‘Urine and feces’: 68 dogs living in poor conditions rescued from south Winnipeg home

Winnipeg Animal Services rescues 68 dogs from local home, in what is believed to be largest animal seizure in city history. Kurt Black reports

“Unacceptable and horrific.”

That’s how Winnipeg Animal Services is describing the largest known seizure of animals in the city’s history.

Sixty-eight dogs were rescued from a south Winnipeg home early Wednesday morning. They were living in “inhumane conditions,” according to animal services.

“Urine and feces, layers of this and that. You can imagine what I’m talking about here,” said Leland Gordon, the general Manager of Winnipeg Animal Services. “Just unacceptable and horrific for any animals, let alone people, to be living in conditions like that.

“It’s unbelievable. Think of 68 dogs in a home, right. It makes me very sad, and my team very sad as animal lovers, to see stuff like this.”

Some of the 68 dogs rescued from a south Winnipeg home by Animal Services in May 2024. (Courtesy: Instagram/@whsanimals)

Animal Service officers and members of the Winnipeg police went to a home in the Richmond West neighbourhood for a well-being check at 1 a.m. when they discovered the dogs, which were mainly smaller breeds.

The animals had severely matted fur, eye issues, and other health concerns, Gordon said.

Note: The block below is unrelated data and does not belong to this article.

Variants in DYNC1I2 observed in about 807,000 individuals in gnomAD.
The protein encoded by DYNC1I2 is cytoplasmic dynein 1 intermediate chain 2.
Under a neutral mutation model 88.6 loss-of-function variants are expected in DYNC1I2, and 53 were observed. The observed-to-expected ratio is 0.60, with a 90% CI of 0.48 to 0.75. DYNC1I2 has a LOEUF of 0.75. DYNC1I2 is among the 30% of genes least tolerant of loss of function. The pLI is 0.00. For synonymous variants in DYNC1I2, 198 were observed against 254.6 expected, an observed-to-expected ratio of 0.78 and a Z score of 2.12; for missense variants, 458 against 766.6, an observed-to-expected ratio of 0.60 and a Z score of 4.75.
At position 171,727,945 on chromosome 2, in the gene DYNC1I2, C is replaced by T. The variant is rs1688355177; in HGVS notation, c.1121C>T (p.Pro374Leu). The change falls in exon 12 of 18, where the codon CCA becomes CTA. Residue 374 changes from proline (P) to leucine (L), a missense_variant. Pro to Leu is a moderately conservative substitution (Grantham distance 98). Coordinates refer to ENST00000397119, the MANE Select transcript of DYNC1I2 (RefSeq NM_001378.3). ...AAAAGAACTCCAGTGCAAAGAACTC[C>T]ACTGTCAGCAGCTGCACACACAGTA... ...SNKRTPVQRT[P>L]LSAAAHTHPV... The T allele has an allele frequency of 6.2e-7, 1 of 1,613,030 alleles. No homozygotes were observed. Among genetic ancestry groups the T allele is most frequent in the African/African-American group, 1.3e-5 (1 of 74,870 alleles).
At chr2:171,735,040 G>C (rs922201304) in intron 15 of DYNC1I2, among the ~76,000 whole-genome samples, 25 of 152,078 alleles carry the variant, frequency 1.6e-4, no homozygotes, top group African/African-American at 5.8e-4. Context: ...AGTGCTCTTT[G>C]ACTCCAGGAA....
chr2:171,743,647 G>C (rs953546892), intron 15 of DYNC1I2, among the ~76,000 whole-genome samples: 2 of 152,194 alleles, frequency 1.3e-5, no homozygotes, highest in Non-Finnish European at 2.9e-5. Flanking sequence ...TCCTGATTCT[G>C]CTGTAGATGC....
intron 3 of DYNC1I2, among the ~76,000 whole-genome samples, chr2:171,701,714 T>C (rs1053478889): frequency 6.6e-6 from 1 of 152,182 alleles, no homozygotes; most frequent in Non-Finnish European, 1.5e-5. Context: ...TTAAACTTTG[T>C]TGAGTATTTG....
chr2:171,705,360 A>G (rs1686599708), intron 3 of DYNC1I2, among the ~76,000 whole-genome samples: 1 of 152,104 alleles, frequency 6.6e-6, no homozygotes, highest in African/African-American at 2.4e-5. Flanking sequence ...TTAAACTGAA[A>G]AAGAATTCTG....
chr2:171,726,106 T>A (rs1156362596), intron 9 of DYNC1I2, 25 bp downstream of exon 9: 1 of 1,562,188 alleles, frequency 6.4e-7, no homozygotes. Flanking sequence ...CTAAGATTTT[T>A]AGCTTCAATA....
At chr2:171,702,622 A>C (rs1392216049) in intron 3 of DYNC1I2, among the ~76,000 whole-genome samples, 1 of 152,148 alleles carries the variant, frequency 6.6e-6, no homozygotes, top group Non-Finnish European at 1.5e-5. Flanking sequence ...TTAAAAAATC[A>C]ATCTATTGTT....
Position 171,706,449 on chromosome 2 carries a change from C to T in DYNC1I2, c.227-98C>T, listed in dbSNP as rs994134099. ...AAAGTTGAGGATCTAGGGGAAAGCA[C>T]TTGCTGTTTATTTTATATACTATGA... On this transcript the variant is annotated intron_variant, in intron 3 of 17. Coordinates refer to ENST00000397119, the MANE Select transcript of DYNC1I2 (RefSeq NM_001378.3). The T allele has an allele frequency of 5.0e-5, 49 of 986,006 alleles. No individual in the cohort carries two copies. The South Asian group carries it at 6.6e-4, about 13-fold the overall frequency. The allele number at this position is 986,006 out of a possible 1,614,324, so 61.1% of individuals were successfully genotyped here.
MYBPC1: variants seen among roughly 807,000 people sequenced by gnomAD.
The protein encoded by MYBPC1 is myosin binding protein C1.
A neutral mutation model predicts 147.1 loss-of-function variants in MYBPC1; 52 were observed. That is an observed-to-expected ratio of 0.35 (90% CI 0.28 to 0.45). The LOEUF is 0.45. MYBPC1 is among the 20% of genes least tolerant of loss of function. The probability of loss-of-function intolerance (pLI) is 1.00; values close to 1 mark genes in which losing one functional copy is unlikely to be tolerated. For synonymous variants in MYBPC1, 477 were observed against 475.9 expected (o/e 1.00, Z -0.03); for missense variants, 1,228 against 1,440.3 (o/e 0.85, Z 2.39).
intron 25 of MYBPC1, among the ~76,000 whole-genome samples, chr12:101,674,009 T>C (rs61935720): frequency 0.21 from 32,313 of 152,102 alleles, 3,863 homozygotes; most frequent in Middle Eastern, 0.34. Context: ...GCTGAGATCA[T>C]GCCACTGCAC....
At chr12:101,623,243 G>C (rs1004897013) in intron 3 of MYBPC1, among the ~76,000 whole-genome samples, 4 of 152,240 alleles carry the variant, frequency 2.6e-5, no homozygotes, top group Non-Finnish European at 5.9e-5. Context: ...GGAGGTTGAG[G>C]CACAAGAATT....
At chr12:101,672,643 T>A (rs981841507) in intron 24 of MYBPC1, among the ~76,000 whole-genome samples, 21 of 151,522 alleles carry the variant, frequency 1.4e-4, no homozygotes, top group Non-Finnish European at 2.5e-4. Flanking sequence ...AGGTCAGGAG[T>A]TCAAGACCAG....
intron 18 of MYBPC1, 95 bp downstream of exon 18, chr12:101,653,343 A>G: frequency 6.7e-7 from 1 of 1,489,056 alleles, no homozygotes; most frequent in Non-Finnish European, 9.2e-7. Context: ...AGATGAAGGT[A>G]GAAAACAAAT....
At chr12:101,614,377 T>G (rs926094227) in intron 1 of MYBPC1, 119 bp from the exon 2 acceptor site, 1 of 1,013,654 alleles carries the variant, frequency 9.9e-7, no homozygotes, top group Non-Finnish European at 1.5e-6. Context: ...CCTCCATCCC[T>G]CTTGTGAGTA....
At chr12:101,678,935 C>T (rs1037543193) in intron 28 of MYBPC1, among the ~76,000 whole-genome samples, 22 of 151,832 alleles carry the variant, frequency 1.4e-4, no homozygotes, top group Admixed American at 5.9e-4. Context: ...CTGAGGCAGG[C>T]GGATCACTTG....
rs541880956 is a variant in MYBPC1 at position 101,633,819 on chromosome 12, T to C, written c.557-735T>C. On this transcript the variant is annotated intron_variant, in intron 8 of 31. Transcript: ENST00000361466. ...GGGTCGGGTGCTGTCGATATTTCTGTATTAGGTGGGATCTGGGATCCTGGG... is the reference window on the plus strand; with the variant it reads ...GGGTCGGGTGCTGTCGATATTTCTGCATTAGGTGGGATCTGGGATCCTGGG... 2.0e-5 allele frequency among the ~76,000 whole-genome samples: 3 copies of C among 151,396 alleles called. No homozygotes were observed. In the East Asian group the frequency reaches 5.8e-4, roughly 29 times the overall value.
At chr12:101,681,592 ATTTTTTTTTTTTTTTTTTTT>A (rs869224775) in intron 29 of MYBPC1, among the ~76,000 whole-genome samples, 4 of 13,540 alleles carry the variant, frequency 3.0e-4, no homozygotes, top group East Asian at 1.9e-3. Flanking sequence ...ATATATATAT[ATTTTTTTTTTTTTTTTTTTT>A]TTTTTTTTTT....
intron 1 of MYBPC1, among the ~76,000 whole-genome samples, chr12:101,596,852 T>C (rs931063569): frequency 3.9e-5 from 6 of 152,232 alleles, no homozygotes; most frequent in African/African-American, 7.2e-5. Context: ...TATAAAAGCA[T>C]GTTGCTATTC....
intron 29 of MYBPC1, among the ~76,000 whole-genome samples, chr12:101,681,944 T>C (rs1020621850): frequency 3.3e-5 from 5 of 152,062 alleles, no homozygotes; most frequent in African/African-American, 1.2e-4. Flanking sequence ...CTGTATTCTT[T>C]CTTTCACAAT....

The Winnipeg Humane Society is helping assist Animal Services with medical care and boarding for the animals while police investigate.

“We will be processing the animals and working with the animals that need the most help first,” said WHS CEO Jessica Miller.

The vet care is expected to cost around $150,000 for WHS, which is asking for financial support from the public.

“They are going to require a ton of grooming and medical care,” Miller said. “Often in small breeds such as this, there are a lot of dental problems, which are costly and take time to deal with.”

Under the Responsible Pet Ownership Bylaw, residents are not allowed to own more than four dogs in a home.

Gordon says the seizure is a reminder that people need to spay and neuter their pets.

“We have so many people in Manitoba not spaying and neutering their pets,” he said. “Bob Barker and Drew Carey used to say for a bazillion years, ‘have your pets spayed and neutered, goodbye everybody.’ But unfortunately in Manitoba, something is going on.”

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